Dare Greatly

“You make me brave.” - Amanda Cook

Early on in the wildfire spread of the Way, the early apostles were infamous for making forbidden, dangerous statements publicly about Jesus. As a result they were constantly being intimidated and threatened by the authorities to keep a lid on it about Jesus. Christian faithfulness at that time looked like spending time in and out of incarceration. Neither circumstance nor man’s applause dictate our success in the eyes of heaven – it is only ever faithfulness to God, working through love.

Following the noisy, controversial explosion of the church at Pentecost, In Acts 4 we find Peter holding forth under the public spotlight again:  “Nor is there salvation in any other, for there is no other name under heaven given among men by which we must be saved.” Now when they saw the boldness of Peter and John, and perceived that they were uneducated and untrained men, they marvelled. And they realized that they had been with Jesus.’ (vs 12,13)

The scripture reads that when they saw “the boldness” of simple men they were astonished. They realized these guys had spent time with God. In other words, evidence of our communion with God results in boldness. Fear is gone, love and faith overtake, and public announcement concerning salvation follows. 

But is the fruit of intimacy that simple? 

The apostle Paul writes this: “For if I preach the gospel, I have nothing to boast of, for necessity is laid upon me… the love of Christ compels me.” (1 Cor 9:16, 2 Cor 5:14) Intimacy with Jesus laid necessity on Paul, divine love compelled him to preach Christ crucified.

I can relate to the experience of Peter, Paul and Amanda Cook. I’m an ordinary, simple, relatively untrained lover of Jesus compelled by His love, zeal and jealousy to the streets - the perishing sea of humanity. I fear stuff. I fear rejection at times. I fear failure. One of my biggest fears is misrepresenting Him but I fear not representing Him the most. Someone said that courage isn't the absence of fear but the mastering of fear for a higher purpose.  My intimacy with Jesus swallows me up in His higher purpose, His Holy Spirit makes me bold – necessity is laid upon me. 

Whichever Spirit or spirits you hang out with, will overtake your ambition and govern your tongue (Luke 6:45). For those concerned about misrepresenting God, there is something so powerful that Jesus encourages us with in Luke 10:16 - "He who hears you hears Me, he who rejects you rejects Me, and he who rejects Me rejects Him who sent Me.”

Step back from that word for a second. Marvel at and be deeply encouraged by the ardent loyalty of our Saviour. Tim Keller comments: “If I have the smile of God, all other frowns are inconsequential.”

We stand up for Jesus with our little packed lunch of fish and bread and Jesus comes in over the top of us with the tidal wave of His Holy Spirit (John 16:8). Church, don't be afraid to stand up and preach the gospel in all your theological inadequacy, wounded heart and when your love isn't yet perfected. Whilst I want to encourage us all to grow in our knowledge of the scripture and get healed up in our hearts as much as we can, we are His ambassadors just as we are, we have the endorsement of heaven through our childlike obedience, not the quality of our execution.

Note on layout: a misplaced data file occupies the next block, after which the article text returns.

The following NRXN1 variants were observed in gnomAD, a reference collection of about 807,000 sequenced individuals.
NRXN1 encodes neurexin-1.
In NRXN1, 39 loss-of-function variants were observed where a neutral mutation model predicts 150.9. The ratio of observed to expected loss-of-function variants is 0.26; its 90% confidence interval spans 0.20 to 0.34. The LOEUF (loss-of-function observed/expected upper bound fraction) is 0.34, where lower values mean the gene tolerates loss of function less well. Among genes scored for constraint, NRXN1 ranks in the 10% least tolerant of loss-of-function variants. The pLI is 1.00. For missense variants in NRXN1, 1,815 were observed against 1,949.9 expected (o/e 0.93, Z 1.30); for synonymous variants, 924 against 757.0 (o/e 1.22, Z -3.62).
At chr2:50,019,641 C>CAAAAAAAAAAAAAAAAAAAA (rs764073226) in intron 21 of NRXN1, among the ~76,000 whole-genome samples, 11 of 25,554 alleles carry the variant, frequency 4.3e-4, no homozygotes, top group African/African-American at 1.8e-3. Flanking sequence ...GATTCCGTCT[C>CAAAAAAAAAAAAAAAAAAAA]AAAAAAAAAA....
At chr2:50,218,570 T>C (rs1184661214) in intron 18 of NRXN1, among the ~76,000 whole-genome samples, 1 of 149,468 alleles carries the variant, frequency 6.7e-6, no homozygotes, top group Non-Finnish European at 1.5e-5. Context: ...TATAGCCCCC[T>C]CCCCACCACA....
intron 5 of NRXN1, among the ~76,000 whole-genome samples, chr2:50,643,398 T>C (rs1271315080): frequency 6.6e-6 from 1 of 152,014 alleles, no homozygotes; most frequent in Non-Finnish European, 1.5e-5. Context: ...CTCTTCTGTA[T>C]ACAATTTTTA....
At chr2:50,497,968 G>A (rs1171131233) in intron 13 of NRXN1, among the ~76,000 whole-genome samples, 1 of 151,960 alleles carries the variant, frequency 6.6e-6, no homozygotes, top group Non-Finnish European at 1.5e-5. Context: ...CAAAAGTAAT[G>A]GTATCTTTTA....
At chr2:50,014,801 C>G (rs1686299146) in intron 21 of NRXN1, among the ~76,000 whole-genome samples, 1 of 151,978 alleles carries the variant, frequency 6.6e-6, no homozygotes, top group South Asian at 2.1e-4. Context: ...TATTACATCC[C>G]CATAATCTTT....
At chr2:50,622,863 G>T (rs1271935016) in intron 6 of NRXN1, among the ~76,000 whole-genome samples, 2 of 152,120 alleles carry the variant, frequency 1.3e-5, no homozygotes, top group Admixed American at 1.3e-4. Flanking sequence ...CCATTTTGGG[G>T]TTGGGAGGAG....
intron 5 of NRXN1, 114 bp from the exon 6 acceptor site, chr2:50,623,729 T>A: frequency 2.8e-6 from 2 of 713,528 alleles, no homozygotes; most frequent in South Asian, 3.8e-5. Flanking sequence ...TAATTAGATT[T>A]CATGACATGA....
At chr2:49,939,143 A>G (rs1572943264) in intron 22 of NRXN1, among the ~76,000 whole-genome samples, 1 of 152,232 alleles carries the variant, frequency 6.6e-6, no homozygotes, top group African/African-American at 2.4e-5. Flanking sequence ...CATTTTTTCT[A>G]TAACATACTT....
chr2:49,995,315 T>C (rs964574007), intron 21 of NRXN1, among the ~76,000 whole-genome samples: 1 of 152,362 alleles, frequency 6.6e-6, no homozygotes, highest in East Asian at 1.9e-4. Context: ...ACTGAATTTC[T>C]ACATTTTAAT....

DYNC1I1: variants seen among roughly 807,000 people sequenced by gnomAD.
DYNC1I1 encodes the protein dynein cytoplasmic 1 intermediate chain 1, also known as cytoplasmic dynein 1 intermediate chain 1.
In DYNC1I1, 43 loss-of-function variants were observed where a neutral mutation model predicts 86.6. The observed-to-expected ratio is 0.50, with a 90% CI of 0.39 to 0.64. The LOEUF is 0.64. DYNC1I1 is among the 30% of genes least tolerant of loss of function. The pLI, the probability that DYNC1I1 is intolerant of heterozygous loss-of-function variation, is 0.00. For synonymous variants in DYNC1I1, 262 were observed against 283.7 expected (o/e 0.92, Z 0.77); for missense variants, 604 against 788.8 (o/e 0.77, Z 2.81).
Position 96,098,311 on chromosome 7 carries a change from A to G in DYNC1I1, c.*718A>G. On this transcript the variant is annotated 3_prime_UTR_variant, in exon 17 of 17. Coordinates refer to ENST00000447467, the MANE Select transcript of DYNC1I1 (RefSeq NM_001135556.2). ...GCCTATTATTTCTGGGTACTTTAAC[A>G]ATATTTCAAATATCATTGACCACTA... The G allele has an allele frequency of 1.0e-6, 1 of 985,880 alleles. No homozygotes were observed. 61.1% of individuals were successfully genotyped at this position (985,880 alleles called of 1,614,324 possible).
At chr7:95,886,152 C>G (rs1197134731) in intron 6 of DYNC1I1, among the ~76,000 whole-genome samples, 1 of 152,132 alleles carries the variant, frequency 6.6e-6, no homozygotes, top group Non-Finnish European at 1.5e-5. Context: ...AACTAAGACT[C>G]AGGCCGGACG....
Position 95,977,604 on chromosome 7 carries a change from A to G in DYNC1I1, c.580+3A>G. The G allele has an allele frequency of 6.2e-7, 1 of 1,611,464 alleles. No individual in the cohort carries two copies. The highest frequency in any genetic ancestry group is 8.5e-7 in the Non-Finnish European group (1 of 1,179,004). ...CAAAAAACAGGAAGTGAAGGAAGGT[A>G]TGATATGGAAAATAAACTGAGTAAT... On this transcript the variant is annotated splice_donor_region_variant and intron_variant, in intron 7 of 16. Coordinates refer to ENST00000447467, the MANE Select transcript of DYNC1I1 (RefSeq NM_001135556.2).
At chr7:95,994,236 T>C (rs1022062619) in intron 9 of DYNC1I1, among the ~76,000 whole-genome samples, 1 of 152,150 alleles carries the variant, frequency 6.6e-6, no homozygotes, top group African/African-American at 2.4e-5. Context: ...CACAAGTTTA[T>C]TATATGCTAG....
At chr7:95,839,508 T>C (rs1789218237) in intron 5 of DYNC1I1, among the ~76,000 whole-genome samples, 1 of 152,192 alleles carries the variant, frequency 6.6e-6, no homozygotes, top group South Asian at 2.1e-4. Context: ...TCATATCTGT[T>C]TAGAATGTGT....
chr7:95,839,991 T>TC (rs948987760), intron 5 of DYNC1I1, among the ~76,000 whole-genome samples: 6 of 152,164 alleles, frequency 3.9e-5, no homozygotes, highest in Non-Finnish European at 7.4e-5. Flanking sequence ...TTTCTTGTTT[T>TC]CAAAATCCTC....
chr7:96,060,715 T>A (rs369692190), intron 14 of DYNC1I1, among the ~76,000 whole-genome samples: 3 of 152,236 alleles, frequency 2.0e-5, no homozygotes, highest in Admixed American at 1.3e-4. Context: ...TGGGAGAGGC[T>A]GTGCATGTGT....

Mark how Ravenhill comments on the great Baxter of Kidderminster:
"Baxter was opposed to the idea that in order to minister in the things of God a man must have the ordination of the bishops and pass through the schools of learning. He declared that he feared no man's displeasure nor hoped for any man's preferment. The latter phrase he proved by refusing a bishop's miter.

Let us now glimpse Baxter as a preacher, revivalist, and soul-winner. No gladiator ever watched the eye of a Caesar or yearned for the plaudits of men for his skill as much as this tireless Puritan looked into the face of his God in prayer and listened for the sweet voice of the Spirit. No miser ever loved his gold as Baxter loved souls. No man, trapped by human love, ever wooed a maid as this man pled with impenitent sinners. His couplet was true: 
"I preached as never sure to preach again,
And as a dying man to dying men."

What would it look like if every day we ministered to the lost as though we would never get another chance before the judgement seat of Christ?

I like how Teddy Roosevelt puts it:

“It is not the critic who counts; not the man who points out how the strong man stumbles, or where the doer of deeds could have done them better. The credit belongs to the man who is actually in the arena, whose face is marred by dust and sweat and blood; who strives valiantly; who errs, who comes short again and again, because there is no effort without error and shortcoming; but who does actually strive to do the deeds; who knows great enthusiasms, the great devotions; who spends himself in a worthy cause; who at the best knows in the end the triumph of high achievement, and who at the worst, if he fails, at least fails while daring greatly, so that his place shall never be with those cold and timid souls who neither know victory nor defeat.”

Today, millions of eternities are at stake saints. Dare greatly. Those who succeed most, fail most. In any case, love never fails. Be filled with the Holy Spirit and speak the truth even though your voice shakes. Heaven is roaring you on like a thousand Wembleys.


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